Middle East Trip: Shiraz – Home of Hafez

This article is part 11 of 17 in the series Middle East Trip

24-25 December 2011

The next two days of my stay in Shiraz is purely dedicated for sightseeing and meeting fellow CouchSurfers. As the amount of money I have for this entire trip is significantly reduced by USD 400 due to the unexpected change of plans, I cannot go beyond the city centre as travelling outside of Shiraz would be expensive. But it does not seem to be a bad decision either to stay in the city as Shiraz seems to have many things to offer.

Narenjestan Qavam

Qavam HouseAfter having breakfast with Azin’s family, I take a bus and head for Narenjestan Qavam, or simply the Qavam House. Built between 1879 and 1886, Qavam House is a traditional and historical house owned by Qavam family who was influential in the Qajar era. The house itself reminds me of the Golestan Palace in Tehran which I visited more than a week ago. It is a smaller version of Golestan Palace. Just like the palace, it features a room filled with mirrors and distinctive Persian architecture. It also has a beautiful garden with a fountain and connecting water channels, which are the main features of Persian gardens.

Amazingly, the unique concept of Persian gardens has existed as early as the period of Cyrus the Great, when he built the capital city of Achaemenid Dynasty, Pasargadae. It was during this time that the word paradise was eventually known (pairidaēza). To the people of Achaemenid, a garden is indeed a paradise on earth and it has four Zoroastrian elements of sky, earth, water, and plants. The concept of Persian garden has been unchanged since that time, influencing the design of gardens in Andalusia, India (Taj Mahal being the most famous example), Pakistan, and much of the Islamic world.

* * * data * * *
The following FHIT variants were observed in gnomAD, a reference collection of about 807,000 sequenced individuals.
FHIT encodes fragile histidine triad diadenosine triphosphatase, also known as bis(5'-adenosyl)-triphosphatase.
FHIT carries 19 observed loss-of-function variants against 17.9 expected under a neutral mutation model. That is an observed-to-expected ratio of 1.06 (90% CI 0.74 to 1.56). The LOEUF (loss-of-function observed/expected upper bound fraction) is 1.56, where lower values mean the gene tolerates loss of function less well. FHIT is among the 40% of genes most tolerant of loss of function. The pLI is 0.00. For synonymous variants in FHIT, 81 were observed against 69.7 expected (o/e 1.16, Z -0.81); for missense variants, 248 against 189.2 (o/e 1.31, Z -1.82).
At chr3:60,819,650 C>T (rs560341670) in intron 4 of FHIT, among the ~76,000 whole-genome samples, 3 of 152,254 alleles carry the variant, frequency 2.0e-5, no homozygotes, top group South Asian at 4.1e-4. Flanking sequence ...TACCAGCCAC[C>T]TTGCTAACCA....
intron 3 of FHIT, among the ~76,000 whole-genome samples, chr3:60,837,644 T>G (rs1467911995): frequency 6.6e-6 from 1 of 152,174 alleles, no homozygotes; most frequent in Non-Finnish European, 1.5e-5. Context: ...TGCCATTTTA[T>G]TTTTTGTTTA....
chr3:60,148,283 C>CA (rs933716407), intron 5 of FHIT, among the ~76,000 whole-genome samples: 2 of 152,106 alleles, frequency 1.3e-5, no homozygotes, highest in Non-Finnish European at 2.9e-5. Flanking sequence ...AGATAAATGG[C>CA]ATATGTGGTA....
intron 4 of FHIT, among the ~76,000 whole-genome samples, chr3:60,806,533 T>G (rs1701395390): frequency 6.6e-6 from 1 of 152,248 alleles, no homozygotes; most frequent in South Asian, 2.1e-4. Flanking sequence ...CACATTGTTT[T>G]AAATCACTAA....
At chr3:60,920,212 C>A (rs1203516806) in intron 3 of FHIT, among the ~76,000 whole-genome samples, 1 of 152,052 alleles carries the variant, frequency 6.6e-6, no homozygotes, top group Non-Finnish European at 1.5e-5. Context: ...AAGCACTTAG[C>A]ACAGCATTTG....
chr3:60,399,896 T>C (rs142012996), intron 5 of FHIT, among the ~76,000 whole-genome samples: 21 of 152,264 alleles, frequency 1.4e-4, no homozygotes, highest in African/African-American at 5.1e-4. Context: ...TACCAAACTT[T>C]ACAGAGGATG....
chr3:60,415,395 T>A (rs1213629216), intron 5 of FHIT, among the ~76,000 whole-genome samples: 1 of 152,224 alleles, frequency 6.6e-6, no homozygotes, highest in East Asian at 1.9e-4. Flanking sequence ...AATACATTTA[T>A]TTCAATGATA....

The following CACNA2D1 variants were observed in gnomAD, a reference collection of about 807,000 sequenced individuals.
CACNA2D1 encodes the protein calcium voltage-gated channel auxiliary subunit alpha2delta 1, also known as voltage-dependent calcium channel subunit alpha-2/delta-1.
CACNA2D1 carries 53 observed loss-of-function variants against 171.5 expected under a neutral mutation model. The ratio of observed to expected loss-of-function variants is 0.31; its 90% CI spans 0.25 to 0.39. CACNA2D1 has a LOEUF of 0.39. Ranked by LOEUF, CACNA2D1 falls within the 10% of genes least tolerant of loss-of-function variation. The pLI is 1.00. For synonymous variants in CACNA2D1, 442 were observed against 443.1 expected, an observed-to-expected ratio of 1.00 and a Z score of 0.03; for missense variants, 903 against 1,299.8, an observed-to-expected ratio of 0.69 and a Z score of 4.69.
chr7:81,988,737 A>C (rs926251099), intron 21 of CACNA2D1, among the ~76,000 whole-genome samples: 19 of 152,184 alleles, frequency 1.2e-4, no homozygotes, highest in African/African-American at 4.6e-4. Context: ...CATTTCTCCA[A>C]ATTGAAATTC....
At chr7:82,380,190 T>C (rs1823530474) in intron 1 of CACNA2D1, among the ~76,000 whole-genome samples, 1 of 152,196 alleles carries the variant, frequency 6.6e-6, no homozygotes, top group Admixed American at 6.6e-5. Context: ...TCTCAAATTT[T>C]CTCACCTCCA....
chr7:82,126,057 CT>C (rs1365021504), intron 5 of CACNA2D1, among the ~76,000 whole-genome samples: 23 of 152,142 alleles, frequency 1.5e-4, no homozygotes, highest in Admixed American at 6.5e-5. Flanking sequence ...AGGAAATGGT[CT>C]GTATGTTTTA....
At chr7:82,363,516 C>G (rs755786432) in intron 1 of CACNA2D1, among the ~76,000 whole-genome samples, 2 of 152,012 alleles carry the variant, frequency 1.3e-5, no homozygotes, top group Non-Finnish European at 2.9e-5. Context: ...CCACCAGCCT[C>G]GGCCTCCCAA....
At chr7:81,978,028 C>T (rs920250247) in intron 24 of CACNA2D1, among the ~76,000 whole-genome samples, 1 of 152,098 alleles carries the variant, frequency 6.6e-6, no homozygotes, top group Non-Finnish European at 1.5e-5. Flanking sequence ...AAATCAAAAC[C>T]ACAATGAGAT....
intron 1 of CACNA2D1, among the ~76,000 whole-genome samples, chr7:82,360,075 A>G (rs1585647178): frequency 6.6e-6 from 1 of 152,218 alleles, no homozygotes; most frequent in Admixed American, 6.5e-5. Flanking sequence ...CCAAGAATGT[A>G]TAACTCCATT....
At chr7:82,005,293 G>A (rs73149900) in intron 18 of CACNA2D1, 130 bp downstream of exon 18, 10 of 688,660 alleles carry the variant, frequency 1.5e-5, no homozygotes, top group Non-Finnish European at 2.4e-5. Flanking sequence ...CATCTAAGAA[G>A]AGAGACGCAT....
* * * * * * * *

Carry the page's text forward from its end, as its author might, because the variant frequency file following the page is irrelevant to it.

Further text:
Nasir al-Mulk Mosque

Nasir al-Mulk Mosque is my next stop. Compared to the mosques I visited in Esfahan, this mosque has a rather modest size with no tall minarets. But its interior is different than any of the mosques I saw in the previous cities. The praying room is decorated with coloured glass and beautiful tiles. Added with sunlight, the interior of this room looks slightly pinkish. Strangely enough, I could enter the prayer space without a piece of chador 🙂

Nasir al-Mulk MosqueNasir al-Mulk Mosque

Dinner with Amir and Nasim

After doing a quick shopping at Vakil Bazaar, I visit Amir and Nasim’s house for dinner. Amir and Nasim are CouchSurfers I contacted a while ago. I initially wanted to stay at their house, but due to the limited space, it’s impossible to host the three of us, Ikmal, Nabilah and I. Instead of just telling me that they’re not able to host us, they invited me for dinner as well! An opportunity not to be missed 🙂 .

Amir and Nasim are very friendly and fun people to spend the night with. with Amir & Nasim at their lovely houseOur conversation flows from discussing Iranian government, religion, nuclear reactors, to the life in Australia in general. Just like many other Iranians I met, they plan to travel out of Iran and live in overseas. Nasim is applying for a PhD in Gold Coast, Queensland, Australia and Amir are going to accompany her there while searching for jobs. I am planning to go to Brisbane next year before my Australian visa expires in September 2012, so I am thrilled that I’ll get the chance to meet them again in another country.